Broker war deepens as Huatai scraps feesBusiness | Bloomberg 13 Jul 2020
Huatai International, the Hong Kong arm of China's third-largest broker, is no longer charging commissions and platform fees for stock trades, but just a HK$8 monthly fee, as of last month, in a move set to deepen the pain for the city's many hard-pressed trading houses.
It has seen a surge in customers, gaining more users over the past month than it has over the past three years, according to Zhu Yali, the firm's head of the fintech and retail business, who declined to give specific numbers.
The move could have a knock-on effect across the sector, putting pressure on rivals who are already suffering under thin margins. Battling an influx of online trading and mainland China rivals, growing dominance of big banks, political unrest and an economic slump, Hong Kong's brokers are closing shop at a record pace this year. Some 23 of the city's brokers have ceased trading this year, exceeding last year's record 22.
Huatai is leaning on its deep pockets - its trading app in China has 7.8 million active monthly users - and trimmed costs to make up for the lost income, betting it can replicate a mainland strategy of folding new customers into its broader wealth management business. By cutting fees to zero, the broker is forgoing HK$150 million to HK$200 million in fees for every 100,000 clients, according to Zhu.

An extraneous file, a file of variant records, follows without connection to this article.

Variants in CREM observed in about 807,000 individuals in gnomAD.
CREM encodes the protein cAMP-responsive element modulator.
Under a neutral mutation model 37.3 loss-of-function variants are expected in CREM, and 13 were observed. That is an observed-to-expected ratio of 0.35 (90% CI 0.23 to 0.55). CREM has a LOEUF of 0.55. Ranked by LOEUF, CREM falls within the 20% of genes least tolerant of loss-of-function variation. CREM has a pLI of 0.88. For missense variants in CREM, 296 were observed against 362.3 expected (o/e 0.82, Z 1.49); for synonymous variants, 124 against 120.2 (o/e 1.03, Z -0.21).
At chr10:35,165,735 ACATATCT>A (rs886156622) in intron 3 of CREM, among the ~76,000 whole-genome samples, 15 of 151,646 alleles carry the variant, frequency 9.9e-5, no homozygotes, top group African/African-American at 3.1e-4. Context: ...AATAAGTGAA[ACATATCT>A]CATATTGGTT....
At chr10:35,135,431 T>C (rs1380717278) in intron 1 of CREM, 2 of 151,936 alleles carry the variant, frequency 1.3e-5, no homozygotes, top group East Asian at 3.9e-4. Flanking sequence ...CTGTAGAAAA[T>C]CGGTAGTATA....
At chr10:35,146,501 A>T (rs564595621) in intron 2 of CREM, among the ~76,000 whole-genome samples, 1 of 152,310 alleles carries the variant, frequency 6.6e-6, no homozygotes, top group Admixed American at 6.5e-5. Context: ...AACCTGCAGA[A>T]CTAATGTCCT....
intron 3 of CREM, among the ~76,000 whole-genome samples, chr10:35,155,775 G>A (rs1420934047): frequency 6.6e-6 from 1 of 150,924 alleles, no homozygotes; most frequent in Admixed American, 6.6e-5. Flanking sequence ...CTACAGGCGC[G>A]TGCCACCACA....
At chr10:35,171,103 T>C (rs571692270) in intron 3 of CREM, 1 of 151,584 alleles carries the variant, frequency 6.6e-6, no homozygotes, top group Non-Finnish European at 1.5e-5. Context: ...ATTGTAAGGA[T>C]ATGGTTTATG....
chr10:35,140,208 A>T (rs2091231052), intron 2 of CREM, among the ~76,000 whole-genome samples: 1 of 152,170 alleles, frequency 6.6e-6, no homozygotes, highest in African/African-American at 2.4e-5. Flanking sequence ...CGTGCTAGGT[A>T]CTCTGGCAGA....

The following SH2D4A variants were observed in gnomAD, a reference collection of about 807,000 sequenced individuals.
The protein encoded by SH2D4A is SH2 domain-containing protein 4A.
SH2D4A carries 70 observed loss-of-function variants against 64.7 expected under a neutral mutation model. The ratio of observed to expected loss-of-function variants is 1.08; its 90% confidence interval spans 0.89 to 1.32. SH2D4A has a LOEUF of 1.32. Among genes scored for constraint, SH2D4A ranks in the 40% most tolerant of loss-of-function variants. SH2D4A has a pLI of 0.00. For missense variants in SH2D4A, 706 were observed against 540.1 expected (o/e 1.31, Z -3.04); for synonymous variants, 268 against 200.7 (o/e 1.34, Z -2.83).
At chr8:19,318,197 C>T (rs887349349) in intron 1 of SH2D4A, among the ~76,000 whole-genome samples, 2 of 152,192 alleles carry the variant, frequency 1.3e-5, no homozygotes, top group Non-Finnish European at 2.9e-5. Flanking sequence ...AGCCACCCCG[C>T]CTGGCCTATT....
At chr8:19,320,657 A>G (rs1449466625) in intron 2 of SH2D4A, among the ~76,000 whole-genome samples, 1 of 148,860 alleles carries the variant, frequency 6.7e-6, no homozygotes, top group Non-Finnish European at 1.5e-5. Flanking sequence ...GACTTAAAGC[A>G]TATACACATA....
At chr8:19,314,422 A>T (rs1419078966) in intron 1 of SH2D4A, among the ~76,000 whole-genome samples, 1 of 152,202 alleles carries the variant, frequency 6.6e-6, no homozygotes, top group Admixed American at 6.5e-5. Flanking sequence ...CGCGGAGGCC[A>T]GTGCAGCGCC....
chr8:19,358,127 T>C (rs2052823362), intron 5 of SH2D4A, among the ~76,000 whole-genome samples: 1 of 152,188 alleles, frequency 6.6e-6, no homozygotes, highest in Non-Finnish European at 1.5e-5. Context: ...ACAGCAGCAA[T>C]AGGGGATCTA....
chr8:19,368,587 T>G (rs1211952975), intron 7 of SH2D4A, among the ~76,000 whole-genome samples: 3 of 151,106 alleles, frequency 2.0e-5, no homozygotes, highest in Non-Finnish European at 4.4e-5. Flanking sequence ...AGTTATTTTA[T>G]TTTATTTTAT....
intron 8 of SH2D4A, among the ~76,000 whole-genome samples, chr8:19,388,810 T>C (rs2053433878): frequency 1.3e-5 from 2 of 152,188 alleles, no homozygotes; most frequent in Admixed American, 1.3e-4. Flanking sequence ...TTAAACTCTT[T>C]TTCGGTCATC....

Charles Schwab's move to go to zero fees in October quickly shook up the US industry, with domestic discount rivals and even mutual fund giants such as Vanguard and Fidelity following suit.
But Hong Kong has features that will make it hard for many brokers to match Huatai. One issue is that they can't make up for lost income through order flow payments. US brokers are able to provide free trading partly because of this practice, in which they sell customer orders to wholesale market makers who profit off the bid and offer spread.
Commission income is sizable in Hong Kong. Last year, the city's brokers earned HK$19.9 billion in such fees, which was down 18 percent from the previous year. Trading has picked up this year though, stoked by volatility from the coronavirus, helping to ease some of the pain.